Stories of all sorts

Stories of all sorts

Almost all projects are some combination of functional requirement (needs of the user), technical/architectural requirements (needs of the systems environment) and non-functional requirements (e.g. branding, maintainability and usability needs). In order to successfully deliver any project the team needs to meet all of these requirements. Classic Story Maps focus only on user stories.  However, projects that incorporated all of the different units of work to into their Story Map find that it is a more effective method for prioritization and release planning.  Using an Agile Story Map, projects fare better using a single, visualizable backlog. This increases the focus on delivering the project as a whole, rather than as separate streams of work.

This is the basic process: (See this post for an in-depth discussion of the process to generate needs and user stories.)

  1. Gather a cross disciplinary team of 3-7 people.
  2. Have the team identify the marketable features of the project/application (on sticky notes).
  3. Have the team group/rearrange the sticky notes.
  4. Name each group.
  5. Arrange the groups left to right in the order that they would naturally occur.
  6. Review/walk the skeleton.
  7. Break each Epic or user task down into more detailed user stories or activities.

You need to add several steps to incorporate technical or non-functional requirement to the process. After constructing the initial Agile Story Map, which is generally comprised of just functional user stories, we need to add the technical and non-functional stories. The steps we add are:

  1. Refocus the cross disciplinary teams.  Walk through the definitions of architecture, technical and no-nonfunctional requirements.  Remind the team that goal is not to design or generate solutions, but rather to identify known needs or constraints.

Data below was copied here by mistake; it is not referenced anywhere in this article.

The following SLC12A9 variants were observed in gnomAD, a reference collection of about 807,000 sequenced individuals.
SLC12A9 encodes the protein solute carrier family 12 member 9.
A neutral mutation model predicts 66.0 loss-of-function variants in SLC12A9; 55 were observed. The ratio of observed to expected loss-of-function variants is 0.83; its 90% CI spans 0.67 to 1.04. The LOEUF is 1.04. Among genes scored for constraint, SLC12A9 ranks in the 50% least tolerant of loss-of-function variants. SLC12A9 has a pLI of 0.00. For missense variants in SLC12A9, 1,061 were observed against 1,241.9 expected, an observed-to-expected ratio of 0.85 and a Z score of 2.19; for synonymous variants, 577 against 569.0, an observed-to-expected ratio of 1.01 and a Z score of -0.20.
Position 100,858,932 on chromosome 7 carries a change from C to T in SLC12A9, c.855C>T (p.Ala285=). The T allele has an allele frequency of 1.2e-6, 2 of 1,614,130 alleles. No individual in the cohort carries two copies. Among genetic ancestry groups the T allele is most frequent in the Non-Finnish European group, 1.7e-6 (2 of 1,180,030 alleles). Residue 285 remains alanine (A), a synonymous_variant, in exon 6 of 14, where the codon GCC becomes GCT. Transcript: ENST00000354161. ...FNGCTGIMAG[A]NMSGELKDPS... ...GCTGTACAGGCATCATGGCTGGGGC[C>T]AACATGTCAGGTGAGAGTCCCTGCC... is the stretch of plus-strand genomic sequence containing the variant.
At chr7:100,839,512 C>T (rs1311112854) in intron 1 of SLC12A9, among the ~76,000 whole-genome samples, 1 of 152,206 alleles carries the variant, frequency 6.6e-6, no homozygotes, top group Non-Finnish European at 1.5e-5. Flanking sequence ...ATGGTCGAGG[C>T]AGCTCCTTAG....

2. Review/walk the current, functional skeleton established in the first seven steps. (optional)
  3. Identify the high-level technical or non-functional requirements (similar to step 2 above).
  4. If any new Epics have been identified, break each Epic or user tasks down into more detailed user stories or activities.

Special note on non-functional items:  Non-functional requirements are not generally separate units of work, but rather attributes that describe technical or functional support. Non-functional requirements include the “ilities” (e.g. usability, maintainability and others) and can be easily incorporated in to the definition of done and/or story-level acceptance criteria.

The controversy with this implementation of Agile Story Maps is not that there are units of work that are technically and architecturally focused, I think that if you have ever run a project that this is evident.  Rather the controversy is when these types of needs are identified in the process and whether they should be incorporated into the Agile Story Map. Story maps are a tool to prioritize and plan.  Agile Story Maps are tools that you and your team can use if you find it useful to include more than users stories.